Sunday Poem

The first poem today comes from a time of plagues and impending war. Herbert lived during the time of the Stuarts, and befor that of Cromwell and the republic, but the tendency was there. He described these poems as a result of his spiritual conflicts, and shared them with Donne and Ferrar: the latter published “The temple” after his death. The Nine Years of the English Civil War did not start until 1642. This is a man who acknowledges history and tradition, a son of his church, in a time of conflict. He was seen as the best of his generation by all.

The Starre.

Bright spark, shot from a brighter place,
Where beams surround my Saviours face,
Canst thou be any where
So well as there?
•et, if thou wilt from thence depart,
Take a bad lodging in my heart;
For thou canst make a debter,
And make it better.

First with thy fire-work burn to dust
Folly, and worse then folly, lust:
Then with thy light refine,
And make it shine:
So disengag’d from sinne and sicknesse,
Touch it with thy celestiall quicknesse,
That it may hang and move
After thy love.

Then with our trinitie of light,
Motion, and heat, let’s take our flight
Unto the place where thou
Before didst bow.
Get me a standing there, and place
Among the beams, which crown the face
Of him, who dy’d to part
Sinne and my heart

That so among the rest I may
Glitter, and curle, and winde as they:
That winding is their fashion
Of adoration.
Sure thou wilt joy, by gaining me
To flie home like a laden bee
Unto that hive of beams
And garland-streams

The Temple, George Herbert

Contrasting this is Baxter, who had faith, but by the middle of the 1960s was losing it. His childhood Quaker background did not satisfy, and eventually he was received in the Catholic faith. His hatred of history, his hope of making an syncretic New Zealand was a folorn project. Instead of Little Gidding, where Ferrar had a community, her retreated to Jerusalem.

The only commonality is that they both died too early.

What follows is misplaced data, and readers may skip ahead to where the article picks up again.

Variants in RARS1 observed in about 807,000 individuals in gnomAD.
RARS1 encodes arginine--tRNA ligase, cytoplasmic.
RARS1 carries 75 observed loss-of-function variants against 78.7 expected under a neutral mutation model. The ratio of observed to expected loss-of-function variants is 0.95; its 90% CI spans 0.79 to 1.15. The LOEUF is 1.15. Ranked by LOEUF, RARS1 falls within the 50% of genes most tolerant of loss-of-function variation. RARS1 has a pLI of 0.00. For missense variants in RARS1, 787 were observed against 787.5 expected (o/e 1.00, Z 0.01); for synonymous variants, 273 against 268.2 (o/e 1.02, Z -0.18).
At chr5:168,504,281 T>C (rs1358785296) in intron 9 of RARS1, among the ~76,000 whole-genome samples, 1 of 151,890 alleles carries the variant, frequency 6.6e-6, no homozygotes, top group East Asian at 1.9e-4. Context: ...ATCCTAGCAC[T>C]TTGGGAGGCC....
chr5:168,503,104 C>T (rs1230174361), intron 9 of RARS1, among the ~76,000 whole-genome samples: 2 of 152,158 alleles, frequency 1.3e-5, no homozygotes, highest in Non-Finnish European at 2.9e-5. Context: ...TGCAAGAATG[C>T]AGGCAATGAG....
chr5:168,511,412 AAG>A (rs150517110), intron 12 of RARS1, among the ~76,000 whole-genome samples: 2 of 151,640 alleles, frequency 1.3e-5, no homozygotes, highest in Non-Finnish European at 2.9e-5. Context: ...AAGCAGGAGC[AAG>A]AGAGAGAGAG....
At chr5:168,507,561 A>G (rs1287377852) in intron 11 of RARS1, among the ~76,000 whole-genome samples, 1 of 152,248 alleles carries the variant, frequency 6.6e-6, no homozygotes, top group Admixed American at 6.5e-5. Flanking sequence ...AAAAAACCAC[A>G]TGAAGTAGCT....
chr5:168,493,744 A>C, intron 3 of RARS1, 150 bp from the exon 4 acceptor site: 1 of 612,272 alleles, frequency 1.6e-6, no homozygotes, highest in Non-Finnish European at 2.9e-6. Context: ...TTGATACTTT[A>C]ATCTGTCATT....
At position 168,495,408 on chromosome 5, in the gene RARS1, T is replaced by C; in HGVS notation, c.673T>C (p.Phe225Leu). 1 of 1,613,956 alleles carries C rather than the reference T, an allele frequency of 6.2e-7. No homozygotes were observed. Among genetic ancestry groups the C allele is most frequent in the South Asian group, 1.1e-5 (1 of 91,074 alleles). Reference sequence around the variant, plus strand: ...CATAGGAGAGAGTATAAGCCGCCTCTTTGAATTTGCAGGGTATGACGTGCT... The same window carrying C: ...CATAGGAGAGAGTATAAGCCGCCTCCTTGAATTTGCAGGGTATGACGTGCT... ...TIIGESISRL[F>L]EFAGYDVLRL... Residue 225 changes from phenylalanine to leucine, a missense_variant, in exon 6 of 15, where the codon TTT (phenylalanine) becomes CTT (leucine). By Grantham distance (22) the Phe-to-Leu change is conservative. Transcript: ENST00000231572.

To a Print of Queen Victoria

I advise rest; the farmhouse
we dug you up in has been
modernized, and the people
who hung you as their ikon
against the long passage wall
are underground — Incubus

and excellent woman, we
inherit the bone acre
of your cages and laws. This
dull green land suckled at your
blood’s frigor Anglicanus,
crowning with a housewife’s tally

the void of Empire, does not
remember you — and certain
bloody bandaged ghosts rising
from holes of Armageddon
at Gallipoli or Sling
Camp, would like to fire a shot

through the gilt frame. I advise
rest, Madam; and yet the tomb
holds much that we must travel
barely without. Your print — ‘from
an original pencil
drawing by the Marchioness

‘of Granby, March, eighteen nine-
ty seven…’ Little mouth, strong
nose and hooded eye — they speak
of half-truths my type have slung
out of the window, and lack
and feel the lack too late. Queen,

you stand most for the time of
early light, clay roads, great trees
unfelled, and the smoke from huts
where girls in sack dresses
stole butter . . . The small rain spits
today. You smile in your grave.

James K Baxter

Perhaps the problem with the Anglicans of Baxter’s time was that they lacked fervency. The ones who followed that generation did, at least in his hometown: they had been infected by the liberal presbyterianism of that region that makes the Quakers seem orthodox.

But I think the metaphysical poets had more fervency. At prayer, in marriage, and in life. They knew their time could be short, and the future uncertain. For many of them, it was.